Is It Time To Institute A Refunding Bond / Release Agreement For Distributions From Qualified Plans?

Is It Time To Institute A Refunding Bond / Release Agreement For Distributions From Qualified Plans?

Is it time to institute a Refunding Bond/Release Agreement for distributions from qualified plans? When a participant in a qualified retirement program passes away, the plan trustees and plan administrator are required to adhere to the terms of the plan document when processing the distribution of the deceased participant’s benefits from the plan. Many, but not all, qualified retirement plans provide that a participant’s death benefits are to be paid to the participant’s surviving spouse (unless the surviving spouse waives his/her benefits under the plan). In the aftermath of the recent United States Supreme Court decision concerning same-sex marriages in United States v. Windsor, (“Windsor”), trustees/plan administrators of a qualified retirement plan when the spouse is the mandated beneficiary are facing the possibility of distributing funds to the wrong plan beneficiary (which could subject the Plan to the possibility of having to make a second distribution to another beneficiary).

To illustrate this possible scenario, let’s use Harry, a participant in a defined benefit plan (“Plan”), who separated from service with his employer at age 50. The beneficiary designation form on file with Harry’s former employer designated his children from his first marriage as the beneficiaries of his benefits under the Plan. At age 62, while living in New Jersey, Harry enters into a New Jersey civil union with Sal. Five years later, Harry and Sal move to New York where Harry dies. After Harry’s death, one of his children contacts the Plan administrator and requests the distribution of Harry’s death benefits under the Plan. Adhering to the terms of Harry’s Plan beneficiary designation form, the trustee/Plan administrator pays the Plan’s death benefits to Harry’s children.

The following year, Sal contacts the Plan administrator and states that as the civil union partner of Harry, he believes he is entitled to the survivor benefit under the Plan (instead of Harry’s children). Unfortunately, Sal is not entitled to the survivor benefit under Harry’s Plan since Revenue Ruling 2013-17 issued by the Internal Revenue Service as a result of the Windsor decision provides that only the surviving partner of a couple married in a venue that recognized same-sex marriages can receive qualified retirement plan survivor benefits as a spouse. New Jersey does not currently permit same-sex marriages and, for federal purposes, a civil union is not treated the same as a marriage.*

A simple solution may have been for Harry and Sal to renew their vows and get married in New York (which currently allows for same-sex marriages). Even if Harry and Sal had formally married in New York, that may not have been taken into consideration to insure that the death benefits under the Plan were not paid to Harry’s children.

If Harry and Sal had been married in New York at the time of Harry’s death and were living in New York, the death certificate would have stated they were legally married and Sal would have then been entitled to receive the Plan’s death benefits as Harry’s surviving spouse. However, there are multiple States that refuse to recognize the legality of same-sex marriages (even if the marriage is valid in the state where the marriage was performed) and as such, the death certificate may not reflect that Harry was married. If Harry and Sal had moved to Virginia three years before Harry’s death (a State that does not recognize same-sex marriages), the death certificate issued in Virginia (under present methods) would not reflect Harry and Sal were married and the trustee/Plan administrator may not have knowledge that Harry and Sal were legally married in New York and processed the children’s death benefits request.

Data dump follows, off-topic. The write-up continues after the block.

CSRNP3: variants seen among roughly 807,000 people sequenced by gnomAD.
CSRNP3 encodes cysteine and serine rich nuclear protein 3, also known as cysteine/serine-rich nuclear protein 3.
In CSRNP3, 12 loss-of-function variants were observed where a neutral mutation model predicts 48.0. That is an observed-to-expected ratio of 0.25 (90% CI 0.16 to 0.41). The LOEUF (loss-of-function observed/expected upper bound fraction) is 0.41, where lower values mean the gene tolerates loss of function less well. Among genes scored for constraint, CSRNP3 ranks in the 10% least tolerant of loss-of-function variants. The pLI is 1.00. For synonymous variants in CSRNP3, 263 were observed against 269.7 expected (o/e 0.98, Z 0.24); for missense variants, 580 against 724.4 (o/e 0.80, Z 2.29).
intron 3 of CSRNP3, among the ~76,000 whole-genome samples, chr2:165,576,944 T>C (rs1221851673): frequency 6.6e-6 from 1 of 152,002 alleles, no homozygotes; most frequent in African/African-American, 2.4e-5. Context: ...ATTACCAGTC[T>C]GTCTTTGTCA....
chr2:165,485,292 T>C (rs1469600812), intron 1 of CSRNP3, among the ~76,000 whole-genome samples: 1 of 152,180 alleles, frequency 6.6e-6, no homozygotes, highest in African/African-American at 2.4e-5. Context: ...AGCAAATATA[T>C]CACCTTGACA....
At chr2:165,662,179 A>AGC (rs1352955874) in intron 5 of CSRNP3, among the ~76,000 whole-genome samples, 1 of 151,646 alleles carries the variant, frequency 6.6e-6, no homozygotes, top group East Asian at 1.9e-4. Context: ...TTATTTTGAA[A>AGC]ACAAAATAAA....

One possible way to remedy this situation (other than have some sort of national database) is to revise the procedures used by trustee/Plan administrators in processing death benefit distributions (or for that matter, all distributions) from qualified plans. In many States, before an individual receives an inheritance, they are asked by the Estate to execute a Refunding Bond/Release. This form states (in part) that if additional taxes are owed by the Estate, the beneficiary agrees to refund to the Estate the amount of taxes necessary for his/her proportionate share. Perhaps qualified retirement plans should adopt a similar type of agreement prior to making distributions to non-spousal beneficiaries.

The implications of the Windsor decision are far reaching and are still to be determined. Plans are becoming more difficult to administer and as such, maybe it is time to implement an additional form of protection that may help alleviate costly litigation expenses or prevent the possibility of a plan having to pay, or being asked to pay, the same benefit twice.

* It should be noted that New Jersey may soon change its law on same-sex marriages as a result of a recent Superior Court ruling that permits same-sex marriages and rules that such marriages should commence October 21, 2013. As of this writing, the Superior Court has denied the State’s request to delay implementation of same-sex marriages in New Jersey while the State appeals the lower court’s decision to the New Jersey Supreme Court. The New Jersey Supreme Court has granted certification in the case and is scheduled to hear oral arguments in the matter in January, 2014.